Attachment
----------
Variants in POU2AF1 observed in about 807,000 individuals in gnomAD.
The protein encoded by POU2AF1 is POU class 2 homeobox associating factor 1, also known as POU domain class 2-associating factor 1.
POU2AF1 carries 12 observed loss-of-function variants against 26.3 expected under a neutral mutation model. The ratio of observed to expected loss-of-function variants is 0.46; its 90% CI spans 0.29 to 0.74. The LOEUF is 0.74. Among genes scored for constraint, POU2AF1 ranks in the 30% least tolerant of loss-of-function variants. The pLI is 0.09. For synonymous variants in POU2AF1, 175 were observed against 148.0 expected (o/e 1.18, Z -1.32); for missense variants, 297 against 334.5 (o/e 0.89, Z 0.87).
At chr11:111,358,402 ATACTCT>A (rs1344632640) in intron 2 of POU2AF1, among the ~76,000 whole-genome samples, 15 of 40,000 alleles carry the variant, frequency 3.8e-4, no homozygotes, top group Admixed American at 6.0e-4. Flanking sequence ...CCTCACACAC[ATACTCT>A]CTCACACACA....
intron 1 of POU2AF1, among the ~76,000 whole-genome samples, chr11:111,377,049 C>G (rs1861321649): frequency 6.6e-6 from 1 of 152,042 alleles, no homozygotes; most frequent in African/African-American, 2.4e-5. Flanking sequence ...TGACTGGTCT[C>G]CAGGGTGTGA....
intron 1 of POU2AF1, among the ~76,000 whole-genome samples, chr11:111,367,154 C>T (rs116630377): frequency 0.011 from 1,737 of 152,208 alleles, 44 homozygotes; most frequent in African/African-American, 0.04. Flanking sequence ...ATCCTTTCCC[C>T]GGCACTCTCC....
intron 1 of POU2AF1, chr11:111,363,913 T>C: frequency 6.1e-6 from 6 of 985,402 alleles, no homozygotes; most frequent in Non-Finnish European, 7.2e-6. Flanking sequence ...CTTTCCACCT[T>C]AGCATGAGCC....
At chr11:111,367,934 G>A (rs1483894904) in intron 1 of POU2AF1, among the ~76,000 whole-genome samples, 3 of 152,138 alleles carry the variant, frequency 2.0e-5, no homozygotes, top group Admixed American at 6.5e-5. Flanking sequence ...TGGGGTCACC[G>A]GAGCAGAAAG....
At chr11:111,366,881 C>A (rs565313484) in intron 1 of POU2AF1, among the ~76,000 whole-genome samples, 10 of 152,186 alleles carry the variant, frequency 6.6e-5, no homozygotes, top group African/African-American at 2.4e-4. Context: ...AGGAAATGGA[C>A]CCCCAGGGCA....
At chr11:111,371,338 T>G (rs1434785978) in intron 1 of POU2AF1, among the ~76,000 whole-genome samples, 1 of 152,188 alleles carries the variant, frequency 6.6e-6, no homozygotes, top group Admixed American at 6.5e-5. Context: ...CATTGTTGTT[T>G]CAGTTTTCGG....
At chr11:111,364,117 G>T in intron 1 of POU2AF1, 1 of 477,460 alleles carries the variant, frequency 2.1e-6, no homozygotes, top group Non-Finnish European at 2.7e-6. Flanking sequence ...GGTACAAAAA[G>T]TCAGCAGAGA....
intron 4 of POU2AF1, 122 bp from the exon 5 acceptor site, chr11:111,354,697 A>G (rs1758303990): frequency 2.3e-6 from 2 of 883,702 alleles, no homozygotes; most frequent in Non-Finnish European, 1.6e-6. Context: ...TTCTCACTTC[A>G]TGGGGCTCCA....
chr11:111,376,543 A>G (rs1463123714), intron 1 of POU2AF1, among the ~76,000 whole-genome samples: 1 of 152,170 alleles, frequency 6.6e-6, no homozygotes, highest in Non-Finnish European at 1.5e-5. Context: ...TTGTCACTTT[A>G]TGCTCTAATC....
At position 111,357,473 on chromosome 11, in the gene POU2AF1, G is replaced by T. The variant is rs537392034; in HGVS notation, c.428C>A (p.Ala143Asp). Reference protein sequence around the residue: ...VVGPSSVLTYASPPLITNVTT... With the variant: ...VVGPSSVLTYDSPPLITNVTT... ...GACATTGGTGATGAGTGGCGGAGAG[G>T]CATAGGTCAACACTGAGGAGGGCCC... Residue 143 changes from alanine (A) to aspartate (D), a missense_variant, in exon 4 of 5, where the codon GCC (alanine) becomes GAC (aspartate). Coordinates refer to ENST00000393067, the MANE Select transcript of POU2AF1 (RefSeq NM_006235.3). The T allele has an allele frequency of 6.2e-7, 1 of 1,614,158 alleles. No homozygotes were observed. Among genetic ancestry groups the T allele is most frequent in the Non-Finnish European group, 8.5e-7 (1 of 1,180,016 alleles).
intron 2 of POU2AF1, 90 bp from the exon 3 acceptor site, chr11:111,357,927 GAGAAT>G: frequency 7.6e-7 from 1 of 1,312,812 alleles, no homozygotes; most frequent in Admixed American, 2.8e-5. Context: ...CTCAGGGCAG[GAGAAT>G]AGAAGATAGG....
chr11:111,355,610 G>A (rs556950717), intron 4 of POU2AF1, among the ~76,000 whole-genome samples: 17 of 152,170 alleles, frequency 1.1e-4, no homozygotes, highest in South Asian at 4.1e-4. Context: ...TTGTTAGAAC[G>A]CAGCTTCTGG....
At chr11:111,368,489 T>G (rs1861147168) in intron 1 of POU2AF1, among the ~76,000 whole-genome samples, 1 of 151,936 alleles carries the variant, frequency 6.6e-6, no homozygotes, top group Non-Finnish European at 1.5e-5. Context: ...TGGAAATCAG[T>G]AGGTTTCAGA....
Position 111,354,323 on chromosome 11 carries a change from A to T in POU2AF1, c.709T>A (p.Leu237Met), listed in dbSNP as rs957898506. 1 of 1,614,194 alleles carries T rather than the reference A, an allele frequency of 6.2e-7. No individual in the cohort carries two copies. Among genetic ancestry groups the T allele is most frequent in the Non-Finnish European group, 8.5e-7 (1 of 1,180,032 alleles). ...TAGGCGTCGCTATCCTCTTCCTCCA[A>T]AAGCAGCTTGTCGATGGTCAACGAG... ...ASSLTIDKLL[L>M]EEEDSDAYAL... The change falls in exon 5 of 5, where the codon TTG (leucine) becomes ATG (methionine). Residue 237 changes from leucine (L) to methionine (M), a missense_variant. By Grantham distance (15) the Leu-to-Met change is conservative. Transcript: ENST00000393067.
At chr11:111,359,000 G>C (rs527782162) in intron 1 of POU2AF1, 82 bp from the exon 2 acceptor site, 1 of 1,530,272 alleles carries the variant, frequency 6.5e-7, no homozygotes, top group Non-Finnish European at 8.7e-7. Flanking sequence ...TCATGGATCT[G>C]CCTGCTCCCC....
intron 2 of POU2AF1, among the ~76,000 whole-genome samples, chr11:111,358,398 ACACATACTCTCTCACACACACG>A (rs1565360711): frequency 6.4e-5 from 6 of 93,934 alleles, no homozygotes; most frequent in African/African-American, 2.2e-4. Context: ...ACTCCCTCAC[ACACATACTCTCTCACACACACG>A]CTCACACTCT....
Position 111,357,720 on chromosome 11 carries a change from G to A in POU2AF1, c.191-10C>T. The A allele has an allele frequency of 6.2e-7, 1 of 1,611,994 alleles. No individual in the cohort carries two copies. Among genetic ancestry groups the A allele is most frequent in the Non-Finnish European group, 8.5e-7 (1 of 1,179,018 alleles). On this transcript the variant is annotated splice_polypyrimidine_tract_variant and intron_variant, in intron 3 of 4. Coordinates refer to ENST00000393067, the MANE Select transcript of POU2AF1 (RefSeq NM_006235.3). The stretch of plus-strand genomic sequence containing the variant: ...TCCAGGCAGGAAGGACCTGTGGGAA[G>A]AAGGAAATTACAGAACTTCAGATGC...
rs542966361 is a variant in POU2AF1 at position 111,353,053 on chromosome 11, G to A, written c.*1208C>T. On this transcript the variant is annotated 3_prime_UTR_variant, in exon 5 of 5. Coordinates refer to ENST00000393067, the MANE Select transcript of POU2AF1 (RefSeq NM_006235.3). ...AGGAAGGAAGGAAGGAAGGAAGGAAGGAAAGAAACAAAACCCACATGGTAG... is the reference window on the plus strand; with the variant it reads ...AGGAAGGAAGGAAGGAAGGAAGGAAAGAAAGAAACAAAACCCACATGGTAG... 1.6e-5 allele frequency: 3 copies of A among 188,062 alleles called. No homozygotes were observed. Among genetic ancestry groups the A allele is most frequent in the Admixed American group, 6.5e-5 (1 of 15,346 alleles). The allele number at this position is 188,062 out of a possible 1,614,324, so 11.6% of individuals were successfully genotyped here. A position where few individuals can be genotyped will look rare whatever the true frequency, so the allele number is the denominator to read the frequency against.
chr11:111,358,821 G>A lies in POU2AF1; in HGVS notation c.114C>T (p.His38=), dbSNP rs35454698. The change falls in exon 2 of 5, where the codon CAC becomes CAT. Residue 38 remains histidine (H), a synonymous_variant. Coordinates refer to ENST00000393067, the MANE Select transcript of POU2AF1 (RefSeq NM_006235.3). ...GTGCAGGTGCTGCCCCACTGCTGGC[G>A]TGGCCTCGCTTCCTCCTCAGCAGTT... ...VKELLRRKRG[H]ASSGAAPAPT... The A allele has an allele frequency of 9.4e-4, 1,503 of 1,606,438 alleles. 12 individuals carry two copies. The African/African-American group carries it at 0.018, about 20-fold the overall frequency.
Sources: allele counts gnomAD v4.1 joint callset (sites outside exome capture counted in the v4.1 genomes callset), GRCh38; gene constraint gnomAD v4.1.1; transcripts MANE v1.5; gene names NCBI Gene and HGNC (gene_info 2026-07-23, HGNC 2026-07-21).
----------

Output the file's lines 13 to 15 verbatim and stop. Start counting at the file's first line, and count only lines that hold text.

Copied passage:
chr11:111,376,543 A>G (rs1463123714), intron 1 of POU2AF1, among the ~76,000 whole-genome samples: 1 of 152,170 alleles, frequency 6.6e-6, no homozygotes, highest in Non-Finnish European at 1.5e-5. Context: ...TTGTCACTTT[A>G]TGCTCTAATC....
At position 111,357,473 on chromosome 11, in the gene POU2AF1, G is replaced by T. The variant is rs537392034; in HGVS notation, c.428C>A (p.Ala143Asp). Reference protein sequence around the residue: ...VVGPSSVLTYASPPLITNVTT... With the variant: ...VVGPSSVLTYDSPPLITNVTT... ...GACATTGGTGATGAGTGGCGGAGAG[G>T]CATAGGTCAACACTGAGGAGGGCCC... Residue 143 changes from alanine (A) to aspartate (D), a missense_variant, in exon 4 of 5, where the codon GCC (alanine) becomes GAC (aspartate). Coordinates refer to ENST00000393067, the MANE Select transcript of POU2AF1 (RefSeq NM_006235.3). The T allele has an allele frequency of 6.2e-7, 1 of 1,614,158 alleles. No homozygotes were observed. Among genetic ancestry groups the T allele is most frequent in the Non-Finnish European group, 8.5e-7 (1 of 1,180,016 alleles).
intron 2 of POU2AF1, 90 bp from the exon 3 acceptor site, chr11:111,357,927 GAGAAT>G: frequency 7.6e-7 from 1 of 1,312,812 alleles, no homozygotes; most frequent in Admixed American, 2.8e-5. Context: ...CTCAGGGCAG[GAGAAT>G]AGAAGATAGG....